Identify a champion.
It’s always valuable to find someone on the Board who appreciates and values fundraising. It really doesn’t matter where they come from as long as they’re open minded and willing to learn. Then they can serve as your advocate in meetings, helping to lay down the foundation of understanding for the development process and the numerics.

If you can find them quickly, they’re going to be a key asset to you when it comes to helping educate their fellow Board members.

Most Boards have committees where the lion’s share of the work gets done. One of the most important is the Development Committee, which is typically tasked with fundraising oversight.

It’s important that its members get exposed to all facets of your organization’s fundraising programs, and that they be kept informed of progress on a regular basis. They are your conduit to the rest of the Board – along with other key committees such as the Executive and Finance Committees.

Friends, supporters, and advocates on these committees are going to be a key asset to you when it comes to helping educate their fellow Board members.

Be prepared, be bold, be authoritative.
Boards meet infrequently and have demanding agendas. What they value most is someone who will state his or her case simply, get to the point quickly, and be declarative.

Always have your facts straight and always be prepared to answer the question that you know is going to be asked. Don’t overwhelm them with data – be concise.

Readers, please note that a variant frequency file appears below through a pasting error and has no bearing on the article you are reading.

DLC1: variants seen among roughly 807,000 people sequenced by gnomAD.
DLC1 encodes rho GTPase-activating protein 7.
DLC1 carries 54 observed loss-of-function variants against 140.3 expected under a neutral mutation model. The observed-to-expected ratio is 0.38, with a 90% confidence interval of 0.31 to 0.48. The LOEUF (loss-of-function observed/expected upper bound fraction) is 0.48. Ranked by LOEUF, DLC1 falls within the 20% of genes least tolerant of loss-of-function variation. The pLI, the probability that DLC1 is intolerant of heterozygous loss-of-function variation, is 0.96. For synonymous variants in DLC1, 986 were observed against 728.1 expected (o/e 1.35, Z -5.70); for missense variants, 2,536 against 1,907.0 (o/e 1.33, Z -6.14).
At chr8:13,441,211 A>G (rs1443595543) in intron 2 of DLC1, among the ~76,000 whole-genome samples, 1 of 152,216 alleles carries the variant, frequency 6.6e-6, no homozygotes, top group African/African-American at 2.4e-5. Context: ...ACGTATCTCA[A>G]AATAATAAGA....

I can’t tell you how many times I’ve been in Board meetings and the data is too detailed, too granular and simply overwhelming. Sometimes, we think that the more data, the better, but often it’s just the opposite. Lots of data can obscure what you’re trying to say.

And finally, ask for help. You can turn to an agency partner, someone like us, for a helping hand. We are all invested in your success, and will be happy to help arm you with the information you need in order to get your Board’s support.

ian-sig
Ian Thompson
President/CEO, THD

To continue this conversation with the team at THD, click here.

Flat Budgets, High Expectations: The Fundraiser’s Dilemma

We can’t increase your budget [again]

For most of us in fundraising, doing more with less has been the mantra for years.

Even if your budget is flat, your expenses are going up. Paper, postage, people – they all cost more today than they did five years ago. So a “flat” budget actually means a smaller budget.